Title: Activity of inferior temporal neurons during orientation discrimination with successively presented gratings
Authors: Vogels, Rufin ×
Orban, Guy #
Issue Date: Aug-1994
Series Title: Journal of Neurophysiology vol:71 issue:4 pages:1428-51
Abstract: 1. We recorded from inferior temporal (IT) cells in three monkeys while they performed an orientation discrimination task with successively presented gratings. Histological reconstruction of two monkey brains indicated that most recordings were from TE3. The task was exactly the same as the one used in a previous V1 study, allowing direct comparison. 2. One quarter of IT cells were responsive to the grating. Response strength and variability of the cells excited by the grating (n = 341) were similar to those in V1, whereas response latency was on average 40 ms longer than in V1. 3. In one third of the responsive cells orientation had a significant effect. Sensitivity for orientation was captured by the orientation sensitivity index, which ranged from 0 to 0.95 with a median of 0.23. Orientation sensitivity of IT cells was on average much less than that of V1 cells. More cells preferred horizontal and vertical than oblique orientations. 4. The differences in responsiveness and orientation sensitivity among individual animals could be accounted for by the anterior/posterior difference in recording position. 5. Task-related behavioral effects were examined in 283 cells that were responsive to the visual stimuli. Order effects were examined in "same" trials and occurred in half of the IT cells in each of the three monkeys. In these cells there was on average a threefold difference in response between the first stimulus (S1) and the second stimulus in same trials (S2same). In two monkeys the average response to S2same was less than that to S1, whereas in the third monkey the average response to S1 was smaller than that to S2same. 6. IT cells also exhibited same/different effects, whereby response to a physically identical second stimulus differed between same and "different" trials. Generally cells responded more to the second stimulus in different trials than to S2same but the opposite also occurred. For a subset of these cells we could show that the correct/error type of the trial had no effect and that the response occurred before the saccadic response. 7. These context effects were modulations of the gain of the orientation tuning curves for the different types of responses. The tuning for orientation of these different responses was similar. 8. One third of the responsive IT cells exhibited an increased activity in the interstimulus interval (ISI), fitting the definition of delay cells. This activity was maintained when the ISI was lengthened from 300 to 800 ms. The orientation tuning of this response was similar to that for S1 responses.(ABSTRACT TRUNCATED AT 400 WORDS)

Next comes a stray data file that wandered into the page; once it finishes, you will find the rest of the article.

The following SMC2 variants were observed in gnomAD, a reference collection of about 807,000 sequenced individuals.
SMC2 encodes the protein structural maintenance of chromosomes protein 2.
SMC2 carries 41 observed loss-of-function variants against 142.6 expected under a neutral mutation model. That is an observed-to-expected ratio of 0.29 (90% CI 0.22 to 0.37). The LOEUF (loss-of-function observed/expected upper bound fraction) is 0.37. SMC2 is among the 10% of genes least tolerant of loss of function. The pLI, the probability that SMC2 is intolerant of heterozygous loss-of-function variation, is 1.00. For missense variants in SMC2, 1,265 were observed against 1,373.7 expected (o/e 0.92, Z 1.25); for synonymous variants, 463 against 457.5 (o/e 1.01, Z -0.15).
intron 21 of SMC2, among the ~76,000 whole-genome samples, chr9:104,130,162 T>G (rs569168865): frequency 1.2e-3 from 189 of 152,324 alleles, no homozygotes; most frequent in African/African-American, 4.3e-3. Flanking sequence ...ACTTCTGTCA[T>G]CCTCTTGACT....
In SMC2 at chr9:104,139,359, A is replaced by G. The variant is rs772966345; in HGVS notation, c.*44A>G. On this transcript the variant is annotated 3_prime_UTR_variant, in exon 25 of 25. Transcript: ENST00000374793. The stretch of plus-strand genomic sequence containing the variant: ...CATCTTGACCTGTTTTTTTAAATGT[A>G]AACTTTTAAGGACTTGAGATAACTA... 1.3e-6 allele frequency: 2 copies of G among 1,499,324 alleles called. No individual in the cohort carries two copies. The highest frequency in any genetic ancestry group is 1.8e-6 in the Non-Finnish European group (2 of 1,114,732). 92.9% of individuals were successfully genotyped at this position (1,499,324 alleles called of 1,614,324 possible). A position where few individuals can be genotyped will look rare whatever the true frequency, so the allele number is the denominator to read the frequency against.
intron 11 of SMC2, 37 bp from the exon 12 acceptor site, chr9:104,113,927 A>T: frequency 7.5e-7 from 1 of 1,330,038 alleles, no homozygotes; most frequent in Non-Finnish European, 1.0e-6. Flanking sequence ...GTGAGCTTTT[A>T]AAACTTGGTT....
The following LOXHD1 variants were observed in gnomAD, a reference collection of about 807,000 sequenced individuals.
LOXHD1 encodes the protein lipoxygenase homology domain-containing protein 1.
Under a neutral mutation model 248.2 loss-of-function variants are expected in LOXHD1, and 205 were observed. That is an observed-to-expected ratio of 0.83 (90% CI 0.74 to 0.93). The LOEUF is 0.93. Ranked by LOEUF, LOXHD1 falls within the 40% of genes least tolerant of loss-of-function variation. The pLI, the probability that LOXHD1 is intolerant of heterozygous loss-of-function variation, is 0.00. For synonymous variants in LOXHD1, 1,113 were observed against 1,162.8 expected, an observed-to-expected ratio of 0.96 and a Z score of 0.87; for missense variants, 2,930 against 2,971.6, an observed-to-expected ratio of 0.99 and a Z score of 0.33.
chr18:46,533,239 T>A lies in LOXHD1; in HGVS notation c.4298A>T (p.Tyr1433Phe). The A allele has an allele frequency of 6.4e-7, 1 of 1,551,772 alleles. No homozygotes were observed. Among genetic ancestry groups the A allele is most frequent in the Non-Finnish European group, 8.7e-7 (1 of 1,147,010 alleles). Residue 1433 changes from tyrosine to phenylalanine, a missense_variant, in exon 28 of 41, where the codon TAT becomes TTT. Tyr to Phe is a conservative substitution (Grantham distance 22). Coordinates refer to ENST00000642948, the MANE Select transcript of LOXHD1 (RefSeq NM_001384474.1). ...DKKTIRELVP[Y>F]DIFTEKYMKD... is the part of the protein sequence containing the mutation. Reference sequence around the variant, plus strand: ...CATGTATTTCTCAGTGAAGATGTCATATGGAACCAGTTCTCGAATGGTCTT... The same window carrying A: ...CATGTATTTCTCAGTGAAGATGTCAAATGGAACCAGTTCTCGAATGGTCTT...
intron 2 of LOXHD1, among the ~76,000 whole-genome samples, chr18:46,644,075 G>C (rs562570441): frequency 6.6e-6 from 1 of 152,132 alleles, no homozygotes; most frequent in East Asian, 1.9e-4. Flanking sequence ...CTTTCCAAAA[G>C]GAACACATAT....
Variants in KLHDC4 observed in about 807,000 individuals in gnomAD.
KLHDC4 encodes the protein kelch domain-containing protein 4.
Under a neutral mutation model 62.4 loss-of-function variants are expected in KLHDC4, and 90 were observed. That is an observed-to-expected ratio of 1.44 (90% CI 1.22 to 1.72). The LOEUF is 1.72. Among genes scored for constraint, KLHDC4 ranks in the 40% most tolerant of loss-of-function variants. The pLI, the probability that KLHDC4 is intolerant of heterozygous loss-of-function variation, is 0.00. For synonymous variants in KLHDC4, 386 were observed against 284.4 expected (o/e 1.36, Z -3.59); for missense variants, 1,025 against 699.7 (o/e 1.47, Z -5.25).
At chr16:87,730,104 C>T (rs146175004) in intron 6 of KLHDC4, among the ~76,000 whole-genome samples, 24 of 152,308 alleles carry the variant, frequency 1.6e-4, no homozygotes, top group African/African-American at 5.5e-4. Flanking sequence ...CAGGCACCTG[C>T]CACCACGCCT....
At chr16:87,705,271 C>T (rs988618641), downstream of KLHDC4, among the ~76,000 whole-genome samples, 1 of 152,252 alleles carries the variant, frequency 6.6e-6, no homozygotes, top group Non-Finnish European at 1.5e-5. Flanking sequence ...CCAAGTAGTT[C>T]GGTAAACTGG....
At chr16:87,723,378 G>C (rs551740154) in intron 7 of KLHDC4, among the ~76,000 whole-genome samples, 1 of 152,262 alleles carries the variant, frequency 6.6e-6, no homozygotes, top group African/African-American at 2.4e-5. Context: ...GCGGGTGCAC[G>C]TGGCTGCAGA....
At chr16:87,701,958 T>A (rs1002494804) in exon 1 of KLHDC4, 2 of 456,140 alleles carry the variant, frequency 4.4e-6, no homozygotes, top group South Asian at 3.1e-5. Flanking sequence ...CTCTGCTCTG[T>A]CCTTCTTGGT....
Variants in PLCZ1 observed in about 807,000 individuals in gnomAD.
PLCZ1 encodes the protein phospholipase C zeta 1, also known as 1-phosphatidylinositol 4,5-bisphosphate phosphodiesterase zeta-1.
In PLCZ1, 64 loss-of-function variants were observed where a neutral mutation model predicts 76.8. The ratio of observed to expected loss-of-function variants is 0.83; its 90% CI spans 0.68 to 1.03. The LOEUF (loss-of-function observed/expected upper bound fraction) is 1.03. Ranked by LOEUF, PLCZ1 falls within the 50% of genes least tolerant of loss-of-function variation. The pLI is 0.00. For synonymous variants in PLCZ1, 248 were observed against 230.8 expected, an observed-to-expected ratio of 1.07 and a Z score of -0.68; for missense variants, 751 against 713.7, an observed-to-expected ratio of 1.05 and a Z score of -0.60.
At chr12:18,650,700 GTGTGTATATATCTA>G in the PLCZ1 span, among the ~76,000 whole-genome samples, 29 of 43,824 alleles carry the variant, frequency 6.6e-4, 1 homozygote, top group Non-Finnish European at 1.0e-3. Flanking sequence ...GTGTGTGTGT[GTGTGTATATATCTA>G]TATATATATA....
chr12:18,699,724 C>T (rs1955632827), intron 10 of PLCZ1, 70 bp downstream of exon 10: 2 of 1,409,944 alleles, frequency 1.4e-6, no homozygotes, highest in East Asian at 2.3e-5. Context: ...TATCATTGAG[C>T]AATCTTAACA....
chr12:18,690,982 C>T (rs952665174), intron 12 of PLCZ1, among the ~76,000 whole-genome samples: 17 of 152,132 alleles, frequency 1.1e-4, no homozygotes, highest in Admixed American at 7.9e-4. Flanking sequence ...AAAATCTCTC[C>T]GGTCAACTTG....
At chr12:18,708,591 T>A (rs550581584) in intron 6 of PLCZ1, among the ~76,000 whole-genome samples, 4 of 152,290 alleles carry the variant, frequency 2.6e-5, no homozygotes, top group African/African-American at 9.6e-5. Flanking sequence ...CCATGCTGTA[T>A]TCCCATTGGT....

ISSN: 0022-3077
Publication status: published
KU Leuven publication type: IT
Appears in Collections:Research Group Neurophysiology
× corresponding author
# (joint) last author

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